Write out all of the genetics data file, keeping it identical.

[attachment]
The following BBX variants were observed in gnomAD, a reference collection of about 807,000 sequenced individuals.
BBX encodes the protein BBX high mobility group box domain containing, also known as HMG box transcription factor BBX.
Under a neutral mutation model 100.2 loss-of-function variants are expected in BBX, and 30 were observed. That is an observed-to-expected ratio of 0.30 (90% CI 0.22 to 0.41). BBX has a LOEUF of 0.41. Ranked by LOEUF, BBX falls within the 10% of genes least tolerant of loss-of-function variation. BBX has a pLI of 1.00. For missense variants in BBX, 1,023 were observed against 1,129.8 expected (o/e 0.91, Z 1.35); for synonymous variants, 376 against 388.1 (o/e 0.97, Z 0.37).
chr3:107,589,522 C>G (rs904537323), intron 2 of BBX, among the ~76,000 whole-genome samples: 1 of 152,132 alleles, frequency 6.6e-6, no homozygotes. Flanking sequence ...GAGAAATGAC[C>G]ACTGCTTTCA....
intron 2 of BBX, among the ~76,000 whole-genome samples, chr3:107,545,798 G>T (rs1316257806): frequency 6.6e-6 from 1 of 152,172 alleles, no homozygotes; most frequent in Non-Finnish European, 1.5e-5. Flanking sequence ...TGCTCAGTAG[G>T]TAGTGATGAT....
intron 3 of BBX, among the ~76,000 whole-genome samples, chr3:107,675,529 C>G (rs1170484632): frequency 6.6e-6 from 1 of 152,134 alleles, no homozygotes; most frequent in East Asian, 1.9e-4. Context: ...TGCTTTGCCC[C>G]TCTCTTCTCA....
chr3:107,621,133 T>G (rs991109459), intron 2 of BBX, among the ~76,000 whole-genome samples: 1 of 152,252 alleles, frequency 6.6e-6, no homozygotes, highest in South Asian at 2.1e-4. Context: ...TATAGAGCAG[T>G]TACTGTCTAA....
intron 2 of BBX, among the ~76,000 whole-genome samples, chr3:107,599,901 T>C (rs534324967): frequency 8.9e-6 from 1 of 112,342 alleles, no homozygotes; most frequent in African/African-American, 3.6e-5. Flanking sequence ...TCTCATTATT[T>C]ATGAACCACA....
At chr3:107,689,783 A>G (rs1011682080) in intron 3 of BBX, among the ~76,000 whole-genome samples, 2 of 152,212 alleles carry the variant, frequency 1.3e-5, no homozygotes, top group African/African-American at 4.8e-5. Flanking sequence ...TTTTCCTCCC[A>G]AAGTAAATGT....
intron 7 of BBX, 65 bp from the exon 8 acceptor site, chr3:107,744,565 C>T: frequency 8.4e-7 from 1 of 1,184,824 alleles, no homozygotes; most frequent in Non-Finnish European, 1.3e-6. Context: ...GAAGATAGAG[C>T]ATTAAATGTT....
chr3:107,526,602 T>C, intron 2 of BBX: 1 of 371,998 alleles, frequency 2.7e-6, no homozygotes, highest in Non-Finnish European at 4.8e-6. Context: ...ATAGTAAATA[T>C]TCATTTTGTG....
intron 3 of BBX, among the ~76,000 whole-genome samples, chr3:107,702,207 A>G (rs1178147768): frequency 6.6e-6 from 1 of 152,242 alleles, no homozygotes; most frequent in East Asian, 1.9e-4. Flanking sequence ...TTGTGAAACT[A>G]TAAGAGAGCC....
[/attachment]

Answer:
The following BBX variants were observed in gnomAD, a reference collection of about 807,000 sequenced individuals.
BBX encodes the protein BBX high mobility group box domain containing, also known as HMG box transcription factor BBX.
Under a neutral mutation model 100.2 loss-of-function variants are expected in BBX, and 30 were observed. That is an observed-to-expected ratio of 0.30 (90% CI 0.22 to 0.41). BBX has a LOEUF of 0.41. Ranked by LOEUF, BBX falls within the 10% of genes least tolerant of loss-of-function variation. BBX has a pLI of 1.00. For missense variants in BBX, 1,023 were observed against 1,129.8 expected (o/e 0.91, Z 1.35); for synonymous variants, 376 against 388.1 (o/e 0.97, Z 0.37).
chr3:107,589,522 C>G (rs904537323), intron 2 of BBX, among the ~76,000 whole-genome samples: 1 of 152,132 alleles, frequency 6.6e-6, no homozygotes. Flanking sequence ...GAGAAATGAC[C>G]ACTGCTTTCA....
intron 2 of BBX, among the ~76,000 whole-genome samples, chr3:107,545,798 G>T (rs1316257806): frequency 6.6e-6 from 1 of 152,172 alleles, no homozygotes; most frequent in Non-Finnish European, 1.5e-5. Flanking sequence ...TGCTCAGTAG[G>T]TAGTGATGAT....
intron 3 of BBX, among the ~76,000 whole-genome samples, chr3:107,675,529 C>G (rs1170484632): frequency 6.6e-6 from 1 of 152,134 alleles, no homozygotes; most frequent in East Asian, 1.9e-4. Context: ...TGCTTTGCCC[C>G]TCTCTTCTCA....
chr3:107,621,133 T>G (rs991109459), intron 2 of BBX, among the ~76,000 whole-genome samples: 1 of 152,252 alleles, frequency 6.6e-6, no homozygotes, highest in South Asian at 2.1e-4. Context: ...TATAGAGCAG[T>G]TACTGTCTAA....
intron 2 of BBX, among the ~76,000 whole-genome samples, chr3:107,599,901 T>C (rs534324967): frequency 8.9e-6 from 1 of 112,342 alleles, no homozygotes; most frequent in African/African-American, 3.6e-5. Flanking sequence ...TCTCATTATT[T>C]ATGAACCACA....
At chr3:107,689,783 A>G (rs1011682080) in intron 3 of BBX, among the ~76,000 whole-genome samples, 2 of 152,212 alleles carry the variant, frequency 1.3e-5, no homozygotes, top group African/African-American at 4.8e-5. Flanking sequence ...TTTTCCTCCC[A>G]AAGTAAATGT....
intron 7 of BBX, 65 bp from the exon 8 acceptor site, chr3:107,744,565 C>T: frequency 8.4e-7 from 1 of 1,184,824 alleles, no homozygotes; most frequent in Non-Finnish European, 1.3e-6. Context: ...GAAGATAGAG[C>T]ATTAAATGTT....
chr3:107,526,602 T>C, intron 2 of BBX: 1 of 371,998 alleles, frequency 2.7e-6, no homozygotes, highest in Non-Finnish European at 4.8e-6. Context: ...ATAGTAAATA[T>C]TCATTTTGTG....
intron 3 of BBX, among the ~76,000 whole-genome samples, chr3:107,702,207 A>G (rs1178147768): frequency 6.6e-6 from 1 of 152,242 alleles, no homozygotes; most frequent in East Asian, 1.9e-4. Flanking sequence ...TTGTGAAACT[A>G]TAAGAGAGCC....